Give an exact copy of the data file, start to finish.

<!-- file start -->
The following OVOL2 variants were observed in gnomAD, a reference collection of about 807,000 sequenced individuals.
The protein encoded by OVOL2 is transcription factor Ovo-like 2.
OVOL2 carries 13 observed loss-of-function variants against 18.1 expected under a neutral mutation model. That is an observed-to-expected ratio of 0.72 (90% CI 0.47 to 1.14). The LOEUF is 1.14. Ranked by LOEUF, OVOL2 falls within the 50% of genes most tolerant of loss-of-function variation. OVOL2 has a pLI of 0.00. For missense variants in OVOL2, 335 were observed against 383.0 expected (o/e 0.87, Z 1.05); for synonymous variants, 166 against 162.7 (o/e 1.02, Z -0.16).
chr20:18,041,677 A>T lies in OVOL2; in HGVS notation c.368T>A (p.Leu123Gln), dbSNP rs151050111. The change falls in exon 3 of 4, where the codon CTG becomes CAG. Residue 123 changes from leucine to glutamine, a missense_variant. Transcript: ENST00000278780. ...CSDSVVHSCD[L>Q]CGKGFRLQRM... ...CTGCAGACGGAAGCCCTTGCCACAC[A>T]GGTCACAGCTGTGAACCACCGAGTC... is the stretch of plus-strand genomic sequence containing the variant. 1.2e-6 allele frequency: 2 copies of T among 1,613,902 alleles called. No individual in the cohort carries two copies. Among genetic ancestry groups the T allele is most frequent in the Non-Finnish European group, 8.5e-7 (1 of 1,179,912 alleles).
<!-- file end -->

The following OVOL2 variants were observed in gnomAD, a reference collection of about 807,000 sequenced individuals.
The protein encoded by OVOL2 is transcription factor Ovo-like 2.
OVOL2 carries 13 observed loss-of-function variants against 18.1 expected under a neutral mutation model. That is an observed-to-expected ratio of 0.72 (90% CI 0.47 to 1.14). The LOEUF is 1.14. Ranked by LOEUF, OVOL2 falls within the 50% of genes most tolerant of loss-of-function variation. OVOL2 has a pLI of 0.00. For missense variants in OVOL2, 335 were observed against 383.0 expected (o/e 0.87, Z 1.05); for synonymous variants, 166 against 162.7 (o/e 1.02, Z -0.16).
chr20:18,041,677 A>T lies in OVOL2; in HGVS notation c.368T>A (p.Leu123Gln), dbSNP rs151050111. The change falls in exon 3 of 4, where the codon CTG becomes CAG. Residue 123 changes from leucine to glutamine, a missense_variant. Transcript: ENST00000278780. ...CSDSVVHSCD[L>Q]CGKGFRLQRM... ...CTGCAGACGGAAGCCCTTGCCACAC[A>T]GGTCACAGCTGTGAACCACCGAGTC... is the stretch of plus-strand genomic sequence containing the variant. 1.2e-6 allele frequency: 2 copies of T among 1,613,902 alleles called. No individual in the cohort carries two copies. Among genetic ancestry groups the T allele is most frequent in the Non-Finnish European group, 8.5e-7 (1 of 1,179,912 alleles).